Darwinism and Indoctrination by Our Public Schools

Author: Dr. Jerry Bergman
Subject: Apologetics
Date: 2/26/2005

Christians for the past dozen years or so have become increasingly discouraged with the public school system (Limbaugh, 2003). The writer has taught from preschool to the graduate level for almost 35 years, mostly in public schools. His experience has forced him to conclude that this discouragement is fully justified.

Schools, Indoctrination Centers?

Schools are openly indoctrination institutions, designed to inculcate those in their care with a specific set of values and beliefs (Atlas, 1992). As Robertson notes, the public school is

an agency formally charged by society with the task of socializing the
young in particular skills and values. We usually think of the school as
being mainly concerned with teaching skills and knowledge…. But the
schools in every society also engage in outright indoctrination in
values. We may find this fact more readily apparent in societies other than
our own … the school socializes … through the “hidden curriculum”
implicit in the content of school activities, ranging from regimented
classroom schedules to organized sports (1987, p. 129).

From a Christian worldview, some of the values and beliefs in which students are indoctrinated in public schools are positive (such as the love of learning) but others are negative (such as discarding all absolute values). A major problem is that the anti-Christian side of religious questions often are forcefully (and persuasively) presented with impunity, but the Christian position is typically censored from the curriculum (Bergman, 1980). The reason for this one-sided indoctrination is because the anti-Christian position is labeled “secular”, and thus can be taught in public schools. The Christian side, though, is viewed as “religious,” and separation of church and state, it is often successfully (but incorrectly) argued, prohibits this side from being presented in public schools (Whitehead, 1983, 1985).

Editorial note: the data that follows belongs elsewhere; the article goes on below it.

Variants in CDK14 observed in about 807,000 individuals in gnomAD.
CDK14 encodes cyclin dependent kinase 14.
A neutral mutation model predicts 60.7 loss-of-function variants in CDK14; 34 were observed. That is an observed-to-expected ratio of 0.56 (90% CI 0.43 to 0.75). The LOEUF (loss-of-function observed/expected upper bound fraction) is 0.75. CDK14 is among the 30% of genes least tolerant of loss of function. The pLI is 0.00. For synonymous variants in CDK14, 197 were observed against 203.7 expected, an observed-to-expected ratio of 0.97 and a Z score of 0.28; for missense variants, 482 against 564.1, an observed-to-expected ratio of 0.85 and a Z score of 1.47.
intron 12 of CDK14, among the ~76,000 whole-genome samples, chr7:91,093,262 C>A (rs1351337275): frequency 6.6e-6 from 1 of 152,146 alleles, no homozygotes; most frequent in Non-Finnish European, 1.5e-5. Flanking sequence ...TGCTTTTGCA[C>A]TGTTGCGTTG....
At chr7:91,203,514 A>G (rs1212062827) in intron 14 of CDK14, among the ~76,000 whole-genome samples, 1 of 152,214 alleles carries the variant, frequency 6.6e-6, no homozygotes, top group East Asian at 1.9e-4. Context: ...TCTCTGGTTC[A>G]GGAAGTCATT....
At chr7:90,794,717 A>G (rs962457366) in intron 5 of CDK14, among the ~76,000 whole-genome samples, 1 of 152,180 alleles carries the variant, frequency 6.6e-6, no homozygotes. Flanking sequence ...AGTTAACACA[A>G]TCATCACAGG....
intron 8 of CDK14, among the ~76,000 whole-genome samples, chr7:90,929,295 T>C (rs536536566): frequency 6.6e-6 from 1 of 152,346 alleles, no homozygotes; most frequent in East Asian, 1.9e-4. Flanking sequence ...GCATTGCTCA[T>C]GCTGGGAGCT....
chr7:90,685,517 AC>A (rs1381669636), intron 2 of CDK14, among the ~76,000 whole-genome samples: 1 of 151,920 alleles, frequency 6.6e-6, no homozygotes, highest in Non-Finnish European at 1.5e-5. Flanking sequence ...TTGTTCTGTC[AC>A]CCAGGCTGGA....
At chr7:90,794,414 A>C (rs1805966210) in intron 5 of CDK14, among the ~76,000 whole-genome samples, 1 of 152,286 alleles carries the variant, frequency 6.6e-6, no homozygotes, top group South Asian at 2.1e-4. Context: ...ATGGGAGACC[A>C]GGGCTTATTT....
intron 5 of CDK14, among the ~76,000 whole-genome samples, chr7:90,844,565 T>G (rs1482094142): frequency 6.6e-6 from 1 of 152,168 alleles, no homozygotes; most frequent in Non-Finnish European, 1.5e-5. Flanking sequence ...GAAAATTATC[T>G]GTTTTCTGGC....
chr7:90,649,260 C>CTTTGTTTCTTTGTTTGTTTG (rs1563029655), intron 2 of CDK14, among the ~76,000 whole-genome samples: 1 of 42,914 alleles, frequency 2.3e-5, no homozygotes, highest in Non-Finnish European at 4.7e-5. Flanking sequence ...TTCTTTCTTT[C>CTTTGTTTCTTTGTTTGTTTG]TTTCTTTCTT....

Although teaching content guidelines often are not rigidly enforced, and the material covered in class is somewhat up to the teachers discretion, a strong pervasive pattern exists for the anti-Christian side to be presented far more often, especially in the larger city and suburban school districts. The reason why the creation view of origins often is not taught is because it is viewed as “religious,” but teaching Darwinism is believed to be the teaching “science” and therefore is objective and “proper.” Enforcement of this norm is, ironically, more common at the higher-grade levels. Another reason is because the “experts” themselves were taught Darwinism; thus teach it to their students.
The writer’s experience is that positive comments about distinctly Christian values and religion in general are rare in both the behavioral and natural sciences, especially at the college level. On the other hand, negative comments about Christianity, often inaccurate or grossly distorted, commonly are made. In the writer’s entire undergraduate education (four majors) and graduate training (completion of 5 masters degrees, and the equivalent of three Ph.D.s) he has heard, at best, only three clearly positive comments about Christianity.

The positive comments include the acknowledgement that “the church” has historically assumed a major responsibility in the care of the mentally and physically sick (during the Middle Ages, it was noted, the care given in many monasteries was both very compassionate and of fairly high quality). The second comment was made by a strongly anti-Christian professor who in almost every class criticized both religious believers and their beliefs. Yet he once admitted that the most effective means of rehabilitation that he has witnessed in the prisons was religious conversion. The third comment was by a Jewish professor, who stated that the Old Testament contained a lot of “wisdom,” and a remarkably high level of insight for ancient historical writing. He made it clear he was not implying that the Hebrew Scriptures were God’s word, but only that their level of insight was very “interesting.” His other comments about religion were quite critical, especially of Christianity.